8. Xanthogranulomatous cystitis: a challenging imitator of bladder cancer.

    PubMed

    Ekici, Sinan; Dogan Ekici, Isin; Ruacan, Sevket; Midi, Ahmet

    2010-06-29

    Xanthogranulomatous cystitis is a rare, benign, chronic inflammatory disease of the bladder, mimicking malignancy with unknown etiology. Herein, we report a 57-year-old man who presented with pollakiuria, nocturia, dysuria, left flank pain, and a palpable mass on the right lower abdomen. Computerized tomography demonstrated an obstructing 10-mm stone in the lower third of the left ureter and a 6-cm solid mass on the right at the anterolateral wall of the bladder. The mass presented local perivesical invasion at the anterolateral side. Cystouretroscopy revealed a mass protruding into the bladder cavity with edematous smooth surface. Frozen section analysis of the partial cystectomy specimen could not rule out malignancy. Therefore, radical cystoprostatectomy and ureterolithotomy were performed. Histologically, fibrosis, numerous plasma cells, eosinophils, and, immunohistochemically, CD68-positive epithelioid and foamy macrophages were detected. Localized prostatic adenocarcinoma was also found. The present case of xanthogranulomatous cystitis is the 23rd to be reported in the world literature.

  9. Xanthogranulomatous Cystitis: A Challenging Imitator of Bladder Cancer

    PubMed Central

    Ekici, Sinan; Dogan Ekici, Isin; Ruacan, Sevket; Midi, Ahmet

    2010-01-01

    Xanthogranulomatous cystitis is a rare, benign, chronic inflammatory disease of the bladder, mimicking malignancy with unknown etiology. Herein, we report a 57-year-old man who presented with pollakiuria, nocturia, dysuria, left flank pain, and a palpable mass on the right lower abdomen. Computerized tomography demonstrated an obstructing 10-mm stone in the lower third of the left ureter and a 6-cm solid mass on the right at the anterolateral wall of the bladder. The mass presented local perivesical invasion at the anterolateral side. Cystouretroscopy revealed a mass protruding into the bladder cavity with edematous smooth surface. Frozen section analysis of the partial cystectomy specimen could not rule out malignancy. Therefore, radical cystoprostatectomy and ureterolithotomy were performed. Histologically, fibrosis, numerous plasma cells, eosinophils, and, immunohistochemically, CD68-positive epithelioid and foamy macrophages were detected. Localized prostatic adenocarcinoma was also found. The present case of xanthogranulomatous cystitis is the 23rd to be reported in the world literature. PMID:20602075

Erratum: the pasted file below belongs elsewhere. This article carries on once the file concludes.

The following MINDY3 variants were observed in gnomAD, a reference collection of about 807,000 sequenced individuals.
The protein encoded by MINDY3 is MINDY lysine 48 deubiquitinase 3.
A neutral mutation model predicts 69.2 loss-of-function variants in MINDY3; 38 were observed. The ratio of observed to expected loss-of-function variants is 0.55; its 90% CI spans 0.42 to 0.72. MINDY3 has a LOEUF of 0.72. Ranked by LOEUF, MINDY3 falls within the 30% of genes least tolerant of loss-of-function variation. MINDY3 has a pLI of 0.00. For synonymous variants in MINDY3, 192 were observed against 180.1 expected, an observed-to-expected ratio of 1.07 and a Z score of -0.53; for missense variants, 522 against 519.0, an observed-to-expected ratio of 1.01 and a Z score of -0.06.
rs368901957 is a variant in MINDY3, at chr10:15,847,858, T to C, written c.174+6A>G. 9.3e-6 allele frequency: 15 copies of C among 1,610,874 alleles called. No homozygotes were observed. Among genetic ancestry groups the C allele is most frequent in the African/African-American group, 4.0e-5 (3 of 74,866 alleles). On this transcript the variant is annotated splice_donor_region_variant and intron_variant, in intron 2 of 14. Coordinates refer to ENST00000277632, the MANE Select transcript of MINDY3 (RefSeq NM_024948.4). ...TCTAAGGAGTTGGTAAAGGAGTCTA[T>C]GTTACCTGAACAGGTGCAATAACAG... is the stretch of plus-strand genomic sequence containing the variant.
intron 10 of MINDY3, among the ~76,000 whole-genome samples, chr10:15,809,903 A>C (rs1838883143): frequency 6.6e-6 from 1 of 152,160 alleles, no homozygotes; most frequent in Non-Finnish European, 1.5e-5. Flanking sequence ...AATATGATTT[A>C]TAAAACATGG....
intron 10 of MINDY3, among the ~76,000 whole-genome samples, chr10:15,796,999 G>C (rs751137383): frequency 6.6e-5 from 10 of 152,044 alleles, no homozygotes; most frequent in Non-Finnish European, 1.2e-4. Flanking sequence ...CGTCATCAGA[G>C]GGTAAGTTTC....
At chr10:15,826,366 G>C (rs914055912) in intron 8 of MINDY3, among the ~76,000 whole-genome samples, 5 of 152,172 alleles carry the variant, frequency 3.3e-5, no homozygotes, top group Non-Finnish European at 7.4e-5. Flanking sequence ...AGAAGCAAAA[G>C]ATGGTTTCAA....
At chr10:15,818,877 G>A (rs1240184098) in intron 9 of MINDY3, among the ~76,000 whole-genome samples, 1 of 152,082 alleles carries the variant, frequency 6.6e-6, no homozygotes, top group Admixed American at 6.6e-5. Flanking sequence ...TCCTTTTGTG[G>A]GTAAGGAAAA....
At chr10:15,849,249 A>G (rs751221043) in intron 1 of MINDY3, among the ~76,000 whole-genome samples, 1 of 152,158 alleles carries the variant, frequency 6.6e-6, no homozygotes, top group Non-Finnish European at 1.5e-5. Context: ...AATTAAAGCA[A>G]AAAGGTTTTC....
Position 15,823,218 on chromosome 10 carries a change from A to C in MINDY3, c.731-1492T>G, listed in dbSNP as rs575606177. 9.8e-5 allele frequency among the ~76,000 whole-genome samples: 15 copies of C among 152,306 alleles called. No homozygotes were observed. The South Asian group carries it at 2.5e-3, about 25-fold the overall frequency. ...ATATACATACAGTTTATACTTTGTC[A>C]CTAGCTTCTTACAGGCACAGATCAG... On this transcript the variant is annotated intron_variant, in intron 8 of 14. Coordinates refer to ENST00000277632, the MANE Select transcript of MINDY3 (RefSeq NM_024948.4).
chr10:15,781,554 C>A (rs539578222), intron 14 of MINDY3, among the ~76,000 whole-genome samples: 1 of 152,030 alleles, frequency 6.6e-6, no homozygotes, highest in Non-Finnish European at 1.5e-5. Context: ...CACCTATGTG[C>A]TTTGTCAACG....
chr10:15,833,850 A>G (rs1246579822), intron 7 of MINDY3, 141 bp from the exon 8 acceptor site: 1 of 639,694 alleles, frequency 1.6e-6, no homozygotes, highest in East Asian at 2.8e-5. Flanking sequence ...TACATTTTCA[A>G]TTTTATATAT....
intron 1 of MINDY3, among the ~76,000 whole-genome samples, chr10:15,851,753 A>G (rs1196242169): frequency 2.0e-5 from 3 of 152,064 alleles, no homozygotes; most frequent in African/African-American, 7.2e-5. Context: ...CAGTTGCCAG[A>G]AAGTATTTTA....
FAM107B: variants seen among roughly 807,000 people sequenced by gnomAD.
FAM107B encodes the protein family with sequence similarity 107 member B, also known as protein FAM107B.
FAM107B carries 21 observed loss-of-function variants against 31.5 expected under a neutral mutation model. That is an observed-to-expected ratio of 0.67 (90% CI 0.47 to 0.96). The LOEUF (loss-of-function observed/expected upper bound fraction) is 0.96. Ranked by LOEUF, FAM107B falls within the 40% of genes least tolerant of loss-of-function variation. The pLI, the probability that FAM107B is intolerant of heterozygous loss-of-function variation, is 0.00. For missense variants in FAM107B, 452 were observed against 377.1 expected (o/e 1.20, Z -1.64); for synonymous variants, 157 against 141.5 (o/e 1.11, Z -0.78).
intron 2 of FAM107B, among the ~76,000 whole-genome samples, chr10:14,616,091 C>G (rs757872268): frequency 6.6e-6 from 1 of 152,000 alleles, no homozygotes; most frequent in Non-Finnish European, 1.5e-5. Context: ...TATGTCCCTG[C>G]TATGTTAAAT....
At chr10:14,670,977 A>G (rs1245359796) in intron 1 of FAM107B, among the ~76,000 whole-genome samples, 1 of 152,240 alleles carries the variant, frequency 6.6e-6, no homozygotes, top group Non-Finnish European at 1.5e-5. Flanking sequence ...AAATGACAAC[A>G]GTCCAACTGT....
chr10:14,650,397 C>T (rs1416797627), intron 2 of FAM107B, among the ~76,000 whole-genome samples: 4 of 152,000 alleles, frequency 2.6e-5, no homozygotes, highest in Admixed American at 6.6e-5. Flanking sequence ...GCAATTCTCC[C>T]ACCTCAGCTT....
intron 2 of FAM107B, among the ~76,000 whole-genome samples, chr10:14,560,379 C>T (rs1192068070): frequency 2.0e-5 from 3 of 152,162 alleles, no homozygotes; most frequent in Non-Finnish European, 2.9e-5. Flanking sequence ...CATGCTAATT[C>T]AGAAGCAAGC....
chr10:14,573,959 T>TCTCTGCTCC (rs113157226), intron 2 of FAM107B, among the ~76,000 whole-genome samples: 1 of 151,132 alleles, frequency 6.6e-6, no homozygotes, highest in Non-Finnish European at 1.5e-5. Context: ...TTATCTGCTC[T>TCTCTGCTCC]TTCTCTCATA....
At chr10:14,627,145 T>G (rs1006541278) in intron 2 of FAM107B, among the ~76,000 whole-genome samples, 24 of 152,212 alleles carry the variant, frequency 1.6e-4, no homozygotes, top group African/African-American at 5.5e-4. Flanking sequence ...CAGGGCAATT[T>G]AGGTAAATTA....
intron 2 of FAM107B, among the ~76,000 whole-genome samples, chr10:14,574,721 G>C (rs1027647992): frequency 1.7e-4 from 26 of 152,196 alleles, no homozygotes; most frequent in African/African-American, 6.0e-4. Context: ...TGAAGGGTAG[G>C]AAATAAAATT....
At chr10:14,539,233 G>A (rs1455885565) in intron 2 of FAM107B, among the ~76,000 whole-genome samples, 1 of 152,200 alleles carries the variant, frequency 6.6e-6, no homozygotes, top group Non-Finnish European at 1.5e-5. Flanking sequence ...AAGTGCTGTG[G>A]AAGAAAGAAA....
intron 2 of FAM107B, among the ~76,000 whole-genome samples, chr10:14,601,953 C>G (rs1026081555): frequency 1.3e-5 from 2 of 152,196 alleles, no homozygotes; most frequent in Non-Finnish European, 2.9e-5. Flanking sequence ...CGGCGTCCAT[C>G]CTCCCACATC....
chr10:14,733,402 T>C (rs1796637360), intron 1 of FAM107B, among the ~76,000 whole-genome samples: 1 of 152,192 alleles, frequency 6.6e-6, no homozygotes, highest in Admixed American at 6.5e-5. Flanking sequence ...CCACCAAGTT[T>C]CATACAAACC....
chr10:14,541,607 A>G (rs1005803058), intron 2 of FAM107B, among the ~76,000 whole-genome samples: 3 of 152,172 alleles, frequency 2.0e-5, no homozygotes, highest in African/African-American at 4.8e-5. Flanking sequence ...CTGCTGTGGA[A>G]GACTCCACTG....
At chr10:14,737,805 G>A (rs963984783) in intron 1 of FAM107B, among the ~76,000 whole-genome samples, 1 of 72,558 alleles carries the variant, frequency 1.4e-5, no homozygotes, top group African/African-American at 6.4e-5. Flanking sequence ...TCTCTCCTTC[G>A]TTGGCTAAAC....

10. Cystoscopic diagnosis of polypoid cystitis in two pet rabbits.

    PubMed

    Di Girolamo, Nicola; Bongiovanni, Laura; Ferro, Silvia; Melidone, Raffaele; Nicoletti, Annalisa; Duca, Valeria Del; Donnelly, Thomas M; Selleri, Paolo

    2017-07-01

    CASE DESCRIPTION AS-year-old male Dwarf rabbit and 4-year-old female Mini-Rex rabbit were evaluated because of anorexia and urine scalding of the perineum. CLINICAL FINDINGS Abdominal radiography revealed a diffuse increase in the opacity of the urinary bladder attributable to urinary sludge. In 1 rabbit, abdominal ultrasonography revealed several mass-like lesions protruding from the mucosal surface into the lumen of the urinary bladder. Rabbits were anesthetized, and cystoscopy was performed with a rigid 2.7-mm, 30° endoscope. Histologic analysis of tissue samples obtained through the cystoscope operating channel revealed findings consistent with polypoid cystitis. TREATMENT AND OUTCOME To remove the urinary sludge from each rabbit, the urinary bladder was filled with sterile saline (0.9% NaCl) solution and emptied with a gentle massage several times until the ejected fluid was transparent. Rabbits were treated with NSAIDs, antimicrobials (chosen following microbial culture of urine and antimicrobial susceptibility testing), bathing of the perineum, and a low-calcium diet. The male rabbit died of unrelated causes 18 months later; postmortem examination findings confirmed the polypoid cystitis. The female rabbit remained disease free through to last follow-up (12 months after initial evaluation). CLINICAL RELEVANCE This was the first report of polypoid cystitis in pet rabbits. Although ultrasonographic findings supported this diagnosis, a definitive diagnosis was achieved through cystoscopy and lesion biopsy. Treatments administered were intended to reduce the potential sources of irritation. Research is needed to investigate the effectiveness of the applied interventions and the association between excessive urinary calcium excretion and polyploid cystitis in rabbits.

  11. Eosinophilic cystitis with recurrent urinary retention: case report.

    PubMed

    Park, Hongzoo

    2017-01-01